It’s that time of year again…the leaves are changing color, the nights are getting colder, and everything is magically pumpkin flavored. Yes, it’s October, and time to watch 31 horror movies in 31 days. I didn’t make it last year, I think because I overthought things. This year, not so much. I didn’t even know what movie I was going to watch until I sat down at the computer.

I went with a classic, the 1931 Universal version of Frankenstein. In the 82 years since this movie was filmed, the image of Boris Karloff as the monster has become ingrained in the consciousness  of movie audiences  everywhere. He’s a joke now, almost, with Young Frankenstein (which I now have a crazy craving to watch), Herman Munster, and Frankenberry Cereal, to name a few. I’d read Mary Shelly’s novel in college, and pictured Karloff’s monster then, despite the fact that Shelly’s monster is erudite and well read. I tried to imagine, as the monster’s face was first revealed in the Universal movie, what audiences in 1931 must have thought of the sunken cheeks and hooded eyes, the shabby suit and zombie-like moans.

File:Frankenstein's monster (Boris Karloff).jpg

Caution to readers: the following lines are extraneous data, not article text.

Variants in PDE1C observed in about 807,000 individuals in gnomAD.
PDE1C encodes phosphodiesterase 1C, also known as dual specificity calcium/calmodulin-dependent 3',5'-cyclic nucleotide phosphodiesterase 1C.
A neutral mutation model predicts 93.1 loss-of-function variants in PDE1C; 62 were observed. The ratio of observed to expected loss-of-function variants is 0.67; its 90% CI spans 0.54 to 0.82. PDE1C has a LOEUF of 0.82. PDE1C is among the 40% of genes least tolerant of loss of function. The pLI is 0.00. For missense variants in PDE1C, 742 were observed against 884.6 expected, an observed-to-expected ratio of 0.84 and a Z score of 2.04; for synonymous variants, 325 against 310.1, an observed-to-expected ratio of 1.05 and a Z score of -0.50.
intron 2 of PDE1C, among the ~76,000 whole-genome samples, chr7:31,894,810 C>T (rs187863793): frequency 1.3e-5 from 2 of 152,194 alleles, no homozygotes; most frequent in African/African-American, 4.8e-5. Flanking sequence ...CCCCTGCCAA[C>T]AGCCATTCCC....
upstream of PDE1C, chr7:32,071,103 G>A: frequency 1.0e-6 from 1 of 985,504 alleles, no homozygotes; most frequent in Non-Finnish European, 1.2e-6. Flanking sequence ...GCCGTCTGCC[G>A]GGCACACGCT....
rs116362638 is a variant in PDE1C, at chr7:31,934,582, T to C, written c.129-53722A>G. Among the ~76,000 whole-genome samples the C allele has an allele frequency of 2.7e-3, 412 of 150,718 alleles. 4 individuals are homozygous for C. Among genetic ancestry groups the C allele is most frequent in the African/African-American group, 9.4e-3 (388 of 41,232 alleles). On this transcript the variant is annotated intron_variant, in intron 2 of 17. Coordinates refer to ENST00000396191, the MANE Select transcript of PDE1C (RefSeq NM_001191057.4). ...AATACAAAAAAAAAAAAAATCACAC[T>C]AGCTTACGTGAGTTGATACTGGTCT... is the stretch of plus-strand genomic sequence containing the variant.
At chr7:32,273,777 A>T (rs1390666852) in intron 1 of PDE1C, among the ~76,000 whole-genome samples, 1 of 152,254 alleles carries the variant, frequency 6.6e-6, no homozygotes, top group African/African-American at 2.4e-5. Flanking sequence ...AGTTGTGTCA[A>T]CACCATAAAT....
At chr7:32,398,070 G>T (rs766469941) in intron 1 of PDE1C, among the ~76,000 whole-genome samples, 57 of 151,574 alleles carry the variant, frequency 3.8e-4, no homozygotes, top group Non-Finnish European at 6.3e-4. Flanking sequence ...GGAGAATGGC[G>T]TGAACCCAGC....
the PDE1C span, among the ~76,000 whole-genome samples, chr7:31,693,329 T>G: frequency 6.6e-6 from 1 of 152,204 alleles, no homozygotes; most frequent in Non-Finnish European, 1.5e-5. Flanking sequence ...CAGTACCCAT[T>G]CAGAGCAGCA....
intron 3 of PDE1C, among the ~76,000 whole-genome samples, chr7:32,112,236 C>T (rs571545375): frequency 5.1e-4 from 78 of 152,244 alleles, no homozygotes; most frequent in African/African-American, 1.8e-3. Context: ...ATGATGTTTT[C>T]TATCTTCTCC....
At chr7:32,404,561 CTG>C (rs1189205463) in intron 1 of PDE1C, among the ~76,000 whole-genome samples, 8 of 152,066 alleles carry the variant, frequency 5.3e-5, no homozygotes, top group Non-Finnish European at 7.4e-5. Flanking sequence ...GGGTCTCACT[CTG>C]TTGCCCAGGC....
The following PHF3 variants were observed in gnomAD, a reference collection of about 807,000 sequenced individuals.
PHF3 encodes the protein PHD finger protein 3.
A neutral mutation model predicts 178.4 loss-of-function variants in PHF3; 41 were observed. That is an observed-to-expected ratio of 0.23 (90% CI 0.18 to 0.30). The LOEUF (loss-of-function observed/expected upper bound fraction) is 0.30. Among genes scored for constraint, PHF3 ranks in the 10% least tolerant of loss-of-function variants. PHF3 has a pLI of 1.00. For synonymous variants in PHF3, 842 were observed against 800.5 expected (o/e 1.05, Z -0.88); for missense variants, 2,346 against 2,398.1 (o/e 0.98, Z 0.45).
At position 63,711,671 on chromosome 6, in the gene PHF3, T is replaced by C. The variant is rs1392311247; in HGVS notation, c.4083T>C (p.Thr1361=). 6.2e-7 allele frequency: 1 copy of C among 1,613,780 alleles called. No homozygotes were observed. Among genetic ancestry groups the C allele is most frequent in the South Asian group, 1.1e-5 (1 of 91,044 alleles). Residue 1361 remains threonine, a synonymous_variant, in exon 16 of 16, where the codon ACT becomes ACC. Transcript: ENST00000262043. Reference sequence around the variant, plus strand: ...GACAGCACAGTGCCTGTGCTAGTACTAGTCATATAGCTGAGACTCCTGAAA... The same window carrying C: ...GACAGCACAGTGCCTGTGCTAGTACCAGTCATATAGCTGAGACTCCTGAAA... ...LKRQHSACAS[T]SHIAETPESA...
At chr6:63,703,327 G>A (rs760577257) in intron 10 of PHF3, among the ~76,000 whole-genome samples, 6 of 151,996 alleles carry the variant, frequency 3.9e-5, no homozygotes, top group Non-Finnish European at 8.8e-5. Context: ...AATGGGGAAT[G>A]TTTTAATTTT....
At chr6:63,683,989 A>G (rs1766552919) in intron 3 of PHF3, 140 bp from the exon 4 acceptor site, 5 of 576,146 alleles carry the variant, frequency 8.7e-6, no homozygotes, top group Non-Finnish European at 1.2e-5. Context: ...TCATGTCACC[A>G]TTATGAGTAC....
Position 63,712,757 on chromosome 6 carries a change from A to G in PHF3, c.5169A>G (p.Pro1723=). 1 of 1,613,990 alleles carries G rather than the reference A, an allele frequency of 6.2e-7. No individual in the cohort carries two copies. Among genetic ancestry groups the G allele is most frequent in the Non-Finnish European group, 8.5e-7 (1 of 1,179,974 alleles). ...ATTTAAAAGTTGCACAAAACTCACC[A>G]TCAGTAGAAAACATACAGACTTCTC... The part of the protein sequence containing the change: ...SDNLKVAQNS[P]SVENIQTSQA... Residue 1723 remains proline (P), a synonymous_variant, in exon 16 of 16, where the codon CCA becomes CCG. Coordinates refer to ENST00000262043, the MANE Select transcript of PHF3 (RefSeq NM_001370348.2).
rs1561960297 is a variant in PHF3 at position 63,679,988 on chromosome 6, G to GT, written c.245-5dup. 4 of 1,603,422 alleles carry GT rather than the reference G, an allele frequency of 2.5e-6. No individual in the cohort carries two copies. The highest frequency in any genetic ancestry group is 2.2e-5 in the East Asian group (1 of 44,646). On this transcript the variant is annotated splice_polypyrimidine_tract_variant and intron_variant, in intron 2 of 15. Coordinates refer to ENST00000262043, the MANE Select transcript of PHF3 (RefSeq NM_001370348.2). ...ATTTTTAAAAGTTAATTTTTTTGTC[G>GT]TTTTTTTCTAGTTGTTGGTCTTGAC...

The movie caused quite a stir when it came out. Audiences weren’t permitted to see Maria’s body thrown in the lake—it was too violent. Henry (whose name in the book was Victor, but the studio worried that American audiences couldn’t empathize with a character named Victor  Frankenstein) died in the original version of the screenplay, after the monster threw him from the windmill. Studios changed this to give him a happy ending, showing him convalescing with his fiancée.  From IMDB’s trivia page:

“After bringing the monster to life, Dr. Frankenstein uttered the famous line, “Now I know what it’s like to BE God!” The movie was originally released with this line of dialogue, but when it was re-released in the late ’30s, censors demanded it be removed on the grounds that it was blasphemy. A loud clap of thunder was substituted on the soundtrack. The dialogue was partially restored on the video release, but since no decent recording of the dialogue could be found, it still appears garbled and indistinct. The censored dialog was partially returned to the soundtrack in the initial “restored version” releases. Further restoration has now completely brought back this line of missing dialog. A clean recording of the missing dialog was reportedly found on a Vitaphone disc (similar to a large phonograph record). Modern audio technology had to be used to insert the dialog back into the film without any detectable change in the audio quality.”

I enjoyed the film, even though I was surprised to learn that the hunchbacked assistant’s name was Fritz, not Igor. It’s always fun to watch movies that spawned so much culture. I leave you with the following musical number: